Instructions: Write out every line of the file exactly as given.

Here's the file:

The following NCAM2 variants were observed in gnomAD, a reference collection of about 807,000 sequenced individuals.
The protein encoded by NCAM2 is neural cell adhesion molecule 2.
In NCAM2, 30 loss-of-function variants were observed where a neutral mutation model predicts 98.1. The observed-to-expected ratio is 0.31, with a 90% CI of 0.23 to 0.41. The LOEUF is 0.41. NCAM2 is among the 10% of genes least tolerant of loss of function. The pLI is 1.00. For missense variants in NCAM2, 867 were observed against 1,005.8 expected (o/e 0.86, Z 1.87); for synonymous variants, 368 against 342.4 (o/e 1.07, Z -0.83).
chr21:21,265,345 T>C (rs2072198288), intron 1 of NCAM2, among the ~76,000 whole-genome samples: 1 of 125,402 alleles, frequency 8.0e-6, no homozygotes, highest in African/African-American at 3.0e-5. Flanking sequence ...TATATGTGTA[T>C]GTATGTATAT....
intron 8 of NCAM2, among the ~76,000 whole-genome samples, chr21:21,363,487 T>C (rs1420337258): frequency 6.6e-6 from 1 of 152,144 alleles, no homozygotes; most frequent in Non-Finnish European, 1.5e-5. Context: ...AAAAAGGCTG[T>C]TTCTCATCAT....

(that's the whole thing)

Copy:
The following NCAM2 variants were observed in gnomAD, a reference collection of about 807,000 sequenced individuals.
The protein encoded by NCAM2 is neural cell adhesion molecule 2.
In NCAM2, 30 loss-of-function variants were observed where a neutral mutation model predicts 98.1. The observed-to-expected ratio is 0.31, with a 90% CI of 0.23 to 0.41. The LOEUF is 0.41. NCAM2 is among the 10% of genes least tolerant of loss of function. The pLI is 1.00. For missense variants in NCAM2, 867 were observed against 1,005.8 expected (o/e 0.86, Z 1.87); for synonymous variants, 368 against 342.4 (o/e 1.07, Z -0.83).
chr21:21,265,345 T>C (rs2072198288), intron 1 of NCAM2, among the ~76,000 whole-genome samples: 1 of 125,402 alleles, frequency 8.0e-6, no homozygotes, highest in African/African-American at 3.0e-5. Flanking sequence ...TATATGTGTA[T>C]GTATGTATAT....
intron 8 of NCAM2, among the ~76,000 whole-genome samples, chr21:21,363,487 T>C (rs1420337258): frequency 6.6e-6 from 1 of 152,144 alleles, no homozygotes; most frequent in Non-Finnish European, 1.5e-5. Context: ...AAAAAGGCTG[T>C]TTCTCATCAT....